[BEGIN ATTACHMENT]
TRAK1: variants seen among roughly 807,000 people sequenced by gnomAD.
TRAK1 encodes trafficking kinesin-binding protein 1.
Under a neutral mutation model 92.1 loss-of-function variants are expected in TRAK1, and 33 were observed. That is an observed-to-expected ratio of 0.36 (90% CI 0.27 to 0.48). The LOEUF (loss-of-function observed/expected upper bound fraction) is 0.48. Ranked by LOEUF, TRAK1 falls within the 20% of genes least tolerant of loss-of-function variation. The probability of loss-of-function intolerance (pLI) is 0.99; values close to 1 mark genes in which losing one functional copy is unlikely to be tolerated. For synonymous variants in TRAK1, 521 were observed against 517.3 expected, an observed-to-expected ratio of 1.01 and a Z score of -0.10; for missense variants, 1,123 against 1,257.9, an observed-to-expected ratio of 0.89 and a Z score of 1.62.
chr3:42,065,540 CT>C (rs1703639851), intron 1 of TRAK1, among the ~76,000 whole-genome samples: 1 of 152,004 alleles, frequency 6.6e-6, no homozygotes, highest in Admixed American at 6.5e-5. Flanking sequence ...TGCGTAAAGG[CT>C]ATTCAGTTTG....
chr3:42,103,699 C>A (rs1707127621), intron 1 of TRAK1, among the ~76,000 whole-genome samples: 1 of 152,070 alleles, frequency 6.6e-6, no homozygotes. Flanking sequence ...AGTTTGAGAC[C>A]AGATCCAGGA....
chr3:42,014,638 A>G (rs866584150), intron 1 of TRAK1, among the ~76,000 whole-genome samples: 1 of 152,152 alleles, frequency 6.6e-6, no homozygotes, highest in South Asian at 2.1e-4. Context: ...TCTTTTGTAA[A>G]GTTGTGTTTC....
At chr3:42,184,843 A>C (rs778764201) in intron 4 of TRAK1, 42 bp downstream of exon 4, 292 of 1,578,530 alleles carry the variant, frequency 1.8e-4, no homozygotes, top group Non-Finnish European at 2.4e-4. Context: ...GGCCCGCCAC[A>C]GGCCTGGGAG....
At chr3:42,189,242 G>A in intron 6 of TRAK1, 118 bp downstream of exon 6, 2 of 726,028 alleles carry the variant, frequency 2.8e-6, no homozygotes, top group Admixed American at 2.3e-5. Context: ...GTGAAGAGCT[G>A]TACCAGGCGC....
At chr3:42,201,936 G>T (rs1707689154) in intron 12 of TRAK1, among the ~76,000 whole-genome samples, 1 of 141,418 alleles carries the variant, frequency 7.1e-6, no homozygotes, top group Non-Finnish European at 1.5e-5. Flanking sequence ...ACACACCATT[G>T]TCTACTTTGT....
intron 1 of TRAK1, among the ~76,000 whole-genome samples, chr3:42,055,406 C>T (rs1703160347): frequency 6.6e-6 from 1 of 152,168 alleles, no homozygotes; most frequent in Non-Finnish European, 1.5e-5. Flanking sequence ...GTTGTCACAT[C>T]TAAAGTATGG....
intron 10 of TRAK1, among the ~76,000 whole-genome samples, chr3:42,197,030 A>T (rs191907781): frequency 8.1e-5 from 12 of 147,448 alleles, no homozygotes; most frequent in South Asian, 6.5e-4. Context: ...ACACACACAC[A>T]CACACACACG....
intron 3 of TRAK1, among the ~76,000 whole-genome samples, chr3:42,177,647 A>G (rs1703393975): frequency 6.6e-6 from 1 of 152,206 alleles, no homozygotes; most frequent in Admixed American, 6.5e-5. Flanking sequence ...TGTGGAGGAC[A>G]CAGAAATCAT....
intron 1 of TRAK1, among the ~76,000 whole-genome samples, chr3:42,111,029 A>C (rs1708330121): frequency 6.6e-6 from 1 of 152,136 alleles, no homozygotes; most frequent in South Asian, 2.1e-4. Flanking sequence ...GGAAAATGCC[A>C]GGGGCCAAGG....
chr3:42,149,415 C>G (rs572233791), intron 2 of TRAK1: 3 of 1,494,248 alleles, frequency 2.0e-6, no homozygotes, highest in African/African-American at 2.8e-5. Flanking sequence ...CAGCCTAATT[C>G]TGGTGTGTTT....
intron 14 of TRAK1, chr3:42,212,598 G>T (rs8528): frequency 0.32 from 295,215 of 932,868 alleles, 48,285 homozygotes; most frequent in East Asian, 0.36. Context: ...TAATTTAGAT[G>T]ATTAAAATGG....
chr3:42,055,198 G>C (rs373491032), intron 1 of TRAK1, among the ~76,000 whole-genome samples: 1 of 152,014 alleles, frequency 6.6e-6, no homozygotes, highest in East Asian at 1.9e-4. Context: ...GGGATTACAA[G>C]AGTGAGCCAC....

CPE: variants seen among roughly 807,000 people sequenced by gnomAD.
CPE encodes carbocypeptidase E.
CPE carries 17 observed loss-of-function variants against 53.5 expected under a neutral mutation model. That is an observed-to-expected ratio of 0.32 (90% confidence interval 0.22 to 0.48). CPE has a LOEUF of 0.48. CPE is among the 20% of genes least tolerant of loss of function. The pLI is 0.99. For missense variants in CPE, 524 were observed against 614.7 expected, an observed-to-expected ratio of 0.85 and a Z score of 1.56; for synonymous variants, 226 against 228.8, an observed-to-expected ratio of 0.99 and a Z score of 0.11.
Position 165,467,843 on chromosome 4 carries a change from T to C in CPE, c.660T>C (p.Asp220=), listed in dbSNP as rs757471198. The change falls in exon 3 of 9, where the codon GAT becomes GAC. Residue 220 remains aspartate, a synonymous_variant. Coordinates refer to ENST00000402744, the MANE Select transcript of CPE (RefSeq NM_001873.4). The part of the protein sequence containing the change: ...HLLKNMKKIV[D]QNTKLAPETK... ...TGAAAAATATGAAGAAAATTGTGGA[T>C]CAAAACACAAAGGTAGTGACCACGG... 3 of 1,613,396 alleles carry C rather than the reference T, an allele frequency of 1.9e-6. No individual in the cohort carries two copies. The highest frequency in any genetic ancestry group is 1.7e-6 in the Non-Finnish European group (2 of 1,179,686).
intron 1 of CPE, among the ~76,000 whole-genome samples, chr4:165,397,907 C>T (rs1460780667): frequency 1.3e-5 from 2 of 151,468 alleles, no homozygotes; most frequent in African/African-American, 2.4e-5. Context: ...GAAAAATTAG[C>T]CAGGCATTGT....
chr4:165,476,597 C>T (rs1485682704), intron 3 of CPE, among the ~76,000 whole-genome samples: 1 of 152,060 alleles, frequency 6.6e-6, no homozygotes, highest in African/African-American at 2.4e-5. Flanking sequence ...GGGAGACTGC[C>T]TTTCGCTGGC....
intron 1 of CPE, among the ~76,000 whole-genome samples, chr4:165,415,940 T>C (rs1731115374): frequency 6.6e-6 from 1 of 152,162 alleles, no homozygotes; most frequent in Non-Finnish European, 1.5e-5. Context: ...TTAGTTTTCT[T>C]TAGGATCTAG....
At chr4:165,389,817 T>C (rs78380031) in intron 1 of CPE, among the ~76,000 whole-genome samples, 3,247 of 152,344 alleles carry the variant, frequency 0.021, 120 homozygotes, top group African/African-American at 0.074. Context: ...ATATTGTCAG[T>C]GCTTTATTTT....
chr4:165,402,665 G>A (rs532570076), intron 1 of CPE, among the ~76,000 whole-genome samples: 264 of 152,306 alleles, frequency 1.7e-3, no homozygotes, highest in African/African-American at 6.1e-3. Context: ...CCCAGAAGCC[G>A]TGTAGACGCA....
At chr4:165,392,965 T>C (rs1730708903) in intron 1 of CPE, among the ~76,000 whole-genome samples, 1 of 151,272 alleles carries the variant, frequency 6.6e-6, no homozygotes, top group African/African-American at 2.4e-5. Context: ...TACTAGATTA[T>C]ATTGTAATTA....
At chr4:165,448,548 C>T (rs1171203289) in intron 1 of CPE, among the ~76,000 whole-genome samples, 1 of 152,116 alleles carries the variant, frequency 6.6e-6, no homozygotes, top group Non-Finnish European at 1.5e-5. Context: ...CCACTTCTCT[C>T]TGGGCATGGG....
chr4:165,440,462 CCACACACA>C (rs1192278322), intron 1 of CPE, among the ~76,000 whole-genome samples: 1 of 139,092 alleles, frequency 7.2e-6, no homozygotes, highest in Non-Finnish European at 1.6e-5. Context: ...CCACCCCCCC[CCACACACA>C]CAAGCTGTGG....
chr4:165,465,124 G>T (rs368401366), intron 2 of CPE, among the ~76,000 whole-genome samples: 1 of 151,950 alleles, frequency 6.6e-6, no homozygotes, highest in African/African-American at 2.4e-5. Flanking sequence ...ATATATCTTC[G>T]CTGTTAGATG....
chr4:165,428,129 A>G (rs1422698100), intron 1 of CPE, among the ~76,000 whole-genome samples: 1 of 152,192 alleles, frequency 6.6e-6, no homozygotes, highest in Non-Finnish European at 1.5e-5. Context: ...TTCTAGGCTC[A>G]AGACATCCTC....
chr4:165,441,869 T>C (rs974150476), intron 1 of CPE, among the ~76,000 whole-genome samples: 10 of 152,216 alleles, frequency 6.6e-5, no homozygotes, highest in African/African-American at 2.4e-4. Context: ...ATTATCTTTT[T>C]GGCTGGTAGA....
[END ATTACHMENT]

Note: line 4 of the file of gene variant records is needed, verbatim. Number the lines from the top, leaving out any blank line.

chr3:42,065,540 CT>C (rs1703639851), intron 1 of TRAK1, among the ~76,000 whole-genome samples: 1 of 152,004 alleles, frequency 6.6e-6, no homozygotes, highest in Admixed American at 6.5e-5. Flanking sequence ...TGCGTAAAGG[CT>C]ATTCAGTTTG....